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Six years of recording silence comes to an end! Frans Brüggen and the Orchestra of the 18th-Century make their return in style on Glossa, a collaboration that produced all the orchestra's output between 1997 and 2002. Five new titles are planned over the next 18 months.These new live recordings originate from tours of Brazil and the Netherlands, with Thomas Zehetmair on top form and offering a lesson in boundless musicality. Playing a 1730 Stradivarius with a classical-period bow, Mozart's music sounds fresher than ever, supported by a period band that has lost nothing of its energy since its foundation back in 1981.As a distinctive extra to the complete set of violin concertos, Zehetmair and Ruth Killius engage in a superb version of the Sinfonia Concertante for violin and viola. New sumptuous design and packaging for this latest installment of Glossa's Grand Tour series.
Wolfgang Amadeus Mozart: Violin Concerto No. 1 in B flat major, K. 207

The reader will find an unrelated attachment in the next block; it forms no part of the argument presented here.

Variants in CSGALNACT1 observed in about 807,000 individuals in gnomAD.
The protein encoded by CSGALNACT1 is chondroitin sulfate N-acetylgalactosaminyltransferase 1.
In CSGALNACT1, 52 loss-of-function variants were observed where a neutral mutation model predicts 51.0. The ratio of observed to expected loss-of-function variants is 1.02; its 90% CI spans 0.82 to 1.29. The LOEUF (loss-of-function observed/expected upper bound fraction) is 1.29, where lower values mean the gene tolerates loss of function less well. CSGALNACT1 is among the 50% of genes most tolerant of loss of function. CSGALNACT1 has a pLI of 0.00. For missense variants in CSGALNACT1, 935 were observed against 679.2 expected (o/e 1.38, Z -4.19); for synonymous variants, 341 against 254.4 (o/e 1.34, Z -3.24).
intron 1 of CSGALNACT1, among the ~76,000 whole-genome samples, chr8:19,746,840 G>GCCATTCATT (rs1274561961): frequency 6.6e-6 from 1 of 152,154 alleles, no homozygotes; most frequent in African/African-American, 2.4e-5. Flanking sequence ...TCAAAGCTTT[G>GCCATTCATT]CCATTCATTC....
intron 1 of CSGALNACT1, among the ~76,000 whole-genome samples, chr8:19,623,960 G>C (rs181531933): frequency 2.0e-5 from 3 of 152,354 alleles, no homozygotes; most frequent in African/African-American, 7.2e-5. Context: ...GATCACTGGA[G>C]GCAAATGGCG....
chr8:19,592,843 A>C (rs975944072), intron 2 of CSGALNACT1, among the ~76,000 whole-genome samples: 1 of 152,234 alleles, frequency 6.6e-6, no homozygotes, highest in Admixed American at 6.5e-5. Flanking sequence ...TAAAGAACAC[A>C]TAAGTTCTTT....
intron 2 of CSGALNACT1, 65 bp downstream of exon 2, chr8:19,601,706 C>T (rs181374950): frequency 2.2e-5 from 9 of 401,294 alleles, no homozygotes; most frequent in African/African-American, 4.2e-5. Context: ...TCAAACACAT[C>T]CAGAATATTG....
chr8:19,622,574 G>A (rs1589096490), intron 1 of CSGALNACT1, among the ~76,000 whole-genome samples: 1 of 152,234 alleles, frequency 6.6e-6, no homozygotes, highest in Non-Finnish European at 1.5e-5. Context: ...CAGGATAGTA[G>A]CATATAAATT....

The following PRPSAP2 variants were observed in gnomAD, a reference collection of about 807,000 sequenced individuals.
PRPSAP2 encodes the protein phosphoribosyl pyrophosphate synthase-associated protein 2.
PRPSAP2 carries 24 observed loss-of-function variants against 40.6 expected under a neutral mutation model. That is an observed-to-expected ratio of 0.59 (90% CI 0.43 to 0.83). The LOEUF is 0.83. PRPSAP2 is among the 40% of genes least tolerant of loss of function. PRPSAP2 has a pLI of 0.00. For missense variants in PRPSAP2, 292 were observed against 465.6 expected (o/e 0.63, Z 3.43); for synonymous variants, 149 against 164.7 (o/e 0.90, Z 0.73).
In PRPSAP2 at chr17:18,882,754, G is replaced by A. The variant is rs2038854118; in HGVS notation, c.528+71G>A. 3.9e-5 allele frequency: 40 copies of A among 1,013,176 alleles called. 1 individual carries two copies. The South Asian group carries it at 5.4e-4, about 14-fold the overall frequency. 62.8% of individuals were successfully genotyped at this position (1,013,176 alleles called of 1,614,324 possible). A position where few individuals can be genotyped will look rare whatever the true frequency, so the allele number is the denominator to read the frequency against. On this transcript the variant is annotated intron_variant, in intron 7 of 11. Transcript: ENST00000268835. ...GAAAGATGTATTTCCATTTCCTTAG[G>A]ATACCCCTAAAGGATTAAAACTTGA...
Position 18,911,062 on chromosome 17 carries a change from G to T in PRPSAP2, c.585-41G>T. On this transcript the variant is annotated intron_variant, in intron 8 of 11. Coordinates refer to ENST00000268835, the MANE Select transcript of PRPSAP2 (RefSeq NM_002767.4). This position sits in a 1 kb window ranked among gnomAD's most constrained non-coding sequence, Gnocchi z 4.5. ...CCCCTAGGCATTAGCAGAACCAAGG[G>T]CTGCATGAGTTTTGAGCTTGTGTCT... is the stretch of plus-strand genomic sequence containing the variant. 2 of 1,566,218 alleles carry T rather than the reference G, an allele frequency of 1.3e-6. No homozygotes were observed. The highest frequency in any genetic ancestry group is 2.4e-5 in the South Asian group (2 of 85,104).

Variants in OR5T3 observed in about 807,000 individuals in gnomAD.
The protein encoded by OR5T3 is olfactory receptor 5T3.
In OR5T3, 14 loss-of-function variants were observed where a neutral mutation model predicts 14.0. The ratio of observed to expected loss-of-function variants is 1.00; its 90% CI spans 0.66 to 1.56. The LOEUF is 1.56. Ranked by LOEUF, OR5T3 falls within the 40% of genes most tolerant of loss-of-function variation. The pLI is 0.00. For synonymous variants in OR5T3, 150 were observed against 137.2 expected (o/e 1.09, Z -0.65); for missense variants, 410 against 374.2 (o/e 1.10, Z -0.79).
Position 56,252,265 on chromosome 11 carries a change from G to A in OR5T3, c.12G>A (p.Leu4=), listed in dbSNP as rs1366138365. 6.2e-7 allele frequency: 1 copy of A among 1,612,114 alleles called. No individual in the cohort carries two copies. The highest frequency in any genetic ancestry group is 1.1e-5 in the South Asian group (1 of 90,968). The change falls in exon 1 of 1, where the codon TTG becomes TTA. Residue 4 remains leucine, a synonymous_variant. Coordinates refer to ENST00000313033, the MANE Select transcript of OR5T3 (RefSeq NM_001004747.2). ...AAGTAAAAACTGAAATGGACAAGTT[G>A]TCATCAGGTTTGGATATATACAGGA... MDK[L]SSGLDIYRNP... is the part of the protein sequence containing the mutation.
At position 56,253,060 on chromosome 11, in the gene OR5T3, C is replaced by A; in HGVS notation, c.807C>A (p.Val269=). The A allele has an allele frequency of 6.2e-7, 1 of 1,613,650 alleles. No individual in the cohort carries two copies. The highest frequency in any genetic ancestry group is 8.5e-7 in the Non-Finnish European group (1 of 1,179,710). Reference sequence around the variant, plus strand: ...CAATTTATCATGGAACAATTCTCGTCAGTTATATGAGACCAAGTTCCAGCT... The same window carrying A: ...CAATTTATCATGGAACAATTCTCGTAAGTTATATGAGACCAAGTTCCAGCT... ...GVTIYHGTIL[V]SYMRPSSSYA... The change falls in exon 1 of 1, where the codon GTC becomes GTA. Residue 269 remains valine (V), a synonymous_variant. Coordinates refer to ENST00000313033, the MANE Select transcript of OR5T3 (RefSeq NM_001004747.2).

I. Allegro moderato
Wolfgang Amadeus Mozart: Violin Concerto No. 4 in D major, K. 218
II. Andante cantabile
III. Rondo: Andante grazioso
Wolfgang Amadeus Mozart: Violin Concerto No. 5 in A major, K. 219, "Turkish"
I. Allegro aperto - Adagio - Allegro aperto
III. Tempo di menuetto
Wolfgang Amadeus Mozart: Sinfonia concertante in E flat major, K. 364
I. Allegro maestoso
Wolfgang Amadeus Mozart: Violin Concerto No. 3 in G major, K. 216
III. Rondeau: Allegro
Wolfgang Amadeus Mozart: Violin Concerto No. 2 in D major, K. 211
I. Allegro moderato
III. Rondo: Allegro
21 February 2009
“Zehetmair makes an extraordinary sound, small and light and yet able to hold your attention at every moment.”
“Thomas Zehetmair is altogether more gracious and urbane in performances recorded over a five-year period… His tone is sweet and subtly varied, his phrasing always alive, with those tiny nuances more naturally achieved with the shorter, lighter Classical bow. I enjoyed the darkly majestic Sinfonia concertante... both for the characteristically vivid orchestral contribution and the sensitive interplay between violinist and the attractive, husky-toned viola of Ruth Killus.”
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